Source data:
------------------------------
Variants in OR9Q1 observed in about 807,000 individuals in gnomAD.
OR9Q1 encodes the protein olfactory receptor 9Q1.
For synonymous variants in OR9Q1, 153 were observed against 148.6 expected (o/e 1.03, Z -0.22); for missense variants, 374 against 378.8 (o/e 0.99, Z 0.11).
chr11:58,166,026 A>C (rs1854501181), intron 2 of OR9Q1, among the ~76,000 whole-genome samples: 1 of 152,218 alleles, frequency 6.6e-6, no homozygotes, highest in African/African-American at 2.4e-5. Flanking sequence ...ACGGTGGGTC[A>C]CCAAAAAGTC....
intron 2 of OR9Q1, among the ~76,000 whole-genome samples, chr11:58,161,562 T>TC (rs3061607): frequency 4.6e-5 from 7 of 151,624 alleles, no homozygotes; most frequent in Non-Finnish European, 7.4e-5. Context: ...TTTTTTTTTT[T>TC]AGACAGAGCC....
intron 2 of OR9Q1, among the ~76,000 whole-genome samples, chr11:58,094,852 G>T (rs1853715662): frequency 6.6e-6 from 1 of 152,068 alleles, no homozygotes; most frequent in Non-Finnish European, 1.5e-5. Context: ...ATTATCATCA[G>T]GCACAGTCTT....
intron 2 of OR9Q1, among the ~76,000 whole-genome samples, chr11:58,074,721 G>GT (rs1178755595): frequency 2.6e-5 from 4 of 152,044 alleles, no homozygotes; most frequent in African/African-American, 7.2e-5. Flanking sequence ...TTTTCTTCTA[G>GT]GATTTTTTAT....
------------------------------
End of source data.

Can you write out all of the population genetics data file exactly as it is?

Variants in OR9Q1 observed in about 807,000 individuals in gnomAD.
OR9Q1 encodes the protein olfactory receptor 9Q1.
For synonymous variants in OR9Q1, 153 were observed against 148.6 expected (o/e 1.03, Z -0.22); for missense variants, 374 against 378.8 (o/e 0.99, Z 0.11).
chr11:58,166,026 A>C (rs1854501181), intron 2 of OR9Q1, among the ~76,000 whole-genome samples: 1 of 152,218 alleles, frequency 6.6e-6, no homozygotes, highest in African/African-American at 2.4e-5. Flanking sequence ...ACGGTGGGTC[A>C]CCAAAAAGTC....
intron 2 of OR9Q1, among the ~76,000 whole-genome samples, chr11:58,161,562 T>TC (rs3061607): frequency 4.6e-5 from 7 of 151,624 alleles, no homozygotes; most frequent in Non-Finnish European, 7.4e-5. Context: ...TTTTTTTTTT[T>TC]AGACAGAGCC....
intron 2 of OR9Q1, among the ~76,000 whole-genome samples, chr11:58,094,852 G>T (rs1853715662): frequency 6.6e-6 from 1 of 152,068 alleles, no homozygotes; most frequent in Non-Finnish European, 1.5e-5. Context: ...ATTATCATCA[G>T]GCACAGTCTT....
intron 2 of OR9Q1, among the ~76,000 whole-genome samples, chr11:58,074,721 G>GT (rs1178755595): frequency 2.6e-5 from 4 of 152,044 alleles, no homozygotes; most frequent in African/African-American, 7.2e-5. Flanking sequence ...TTTTCTTCTA[G>GT]GATTTTTTAT....